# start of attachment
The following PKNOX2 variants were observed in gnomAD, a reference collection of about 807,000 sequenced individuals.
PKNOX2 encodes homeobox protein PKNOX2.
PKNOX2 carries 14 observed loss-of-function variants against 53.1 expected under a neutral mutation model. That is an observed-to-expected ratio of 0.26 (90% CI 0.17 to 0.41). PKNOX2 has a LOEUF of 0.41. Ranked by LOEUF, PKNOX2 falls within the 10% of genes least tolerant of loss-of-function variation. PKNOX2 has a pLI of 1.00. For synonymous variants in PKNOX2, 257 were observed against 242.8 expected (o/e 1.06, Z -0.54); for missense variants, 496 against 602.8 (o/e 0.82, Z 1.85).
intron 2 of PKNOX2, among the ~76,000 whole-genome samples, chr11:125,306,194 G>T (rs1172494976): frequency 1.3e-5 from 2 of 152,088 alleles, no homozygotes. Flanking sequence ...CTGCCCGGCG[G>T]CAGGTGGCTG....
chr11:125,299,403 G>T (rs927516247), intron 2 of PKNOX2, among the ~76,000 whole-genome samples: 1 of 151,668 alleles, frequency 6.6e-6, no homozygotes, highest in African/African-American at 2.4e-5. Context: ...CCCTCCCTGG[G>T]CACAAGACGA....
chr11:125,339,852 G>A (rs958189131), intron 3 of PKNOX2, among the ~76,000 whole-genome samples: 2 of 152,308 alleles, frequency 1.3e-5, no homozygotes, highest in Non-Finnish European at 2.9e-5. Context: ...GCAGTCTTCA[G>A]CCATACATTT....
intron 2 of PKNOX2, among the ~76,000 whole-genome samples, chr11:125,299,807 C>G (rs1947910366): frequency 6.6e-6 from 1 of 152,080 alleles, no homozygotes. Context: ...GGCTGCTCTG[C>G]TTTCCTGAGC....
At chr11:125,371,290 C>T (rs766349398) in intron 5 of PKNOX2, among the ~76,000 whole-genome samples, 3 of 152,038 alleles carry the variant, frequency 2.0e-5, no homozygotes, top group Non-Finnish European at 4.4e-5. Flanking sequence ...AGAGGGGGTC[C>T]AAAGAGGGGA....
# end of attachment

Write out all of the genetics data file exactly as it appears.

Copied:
The following PKNOX2 variants were observed in gnomAD, a reference collection of about 807,000 sequenced individuals.
PKNOX2 encodes homeobox protein PKNOX2.
PKNOX2 carries 14 observed loss-of-function variants against 53.1 expected under a neutral mutation model. That is an observed-to-expected ratio of 0.26 (90% CI 0.17 to 0.41). PKNOX2 has a LOEUF of 0.41. Ranked by LOEUF, PKNOX2 falls within the 10% of genes least tolerant of loss-of-function variation. PKNOX2 has a pLI of 1.00. For synonymous variants in PKNOX2, 257 were observed against 242.8 expected (o/e 1.06, Z -0.54); for missense variants, 496 against 602.8 (o/e 0.82, Z 1.85).
intron 2 of PKNOX2, among the ~76,000 whole-genome samples, chr11:125,306,194 G>T (rs1172494976): frequency 1.3e-5 from 2 of 152,088 alleles, no homozygotes. Flanking sequence ...CTGCCCGGCG[G>T]CAGGTGGCTG....
chr11:125,299,403 G>T (rs927516247), intron 2 of PKNOX2, among the ~76,000 whole-genome samples: 1 of 151,668 alleles, frequency 6.6e-6, no homozygotes, highest in African/African-American at 2.4e-5. Context: ...CCCTCCCTGG[G>T]CACAAGACGA....
chr11:125,339,852 G>A (rs958189131), intron 3 of PKNOX2, among the ~76,000 whole-genome samples: 2 of 152,308 alleles, frequency 1.3e-5, no homozygotes, highest in Non-Finnish European at 2.9e-5. Context: ...GCAGTCTTCA[G>A]CCATACATTT....
intron 2 of PKNOX2, among the ~76,000 whole-genome samples, chr11:125,299,807 C>G (rs1947910366): frequency 6.6e-6 from 1 of 152,080 alleles, no homozygotes. Context: ...GGCTGCTCTG[C>G]TTTCCTGAGC....
At chr11:125,371,290 C>T (rs766349398) in intron 5 of PKNOX2, among the ~76,000 whole-genome samples, 3 of 152,038 alleles carry the variant, frequency 2.0e-5, no homozygotes, top group Non-Finnish European at 4.4e-5. Flanking sequence ...AGAGGGGGTC[C>T]AAAGAGGGGA....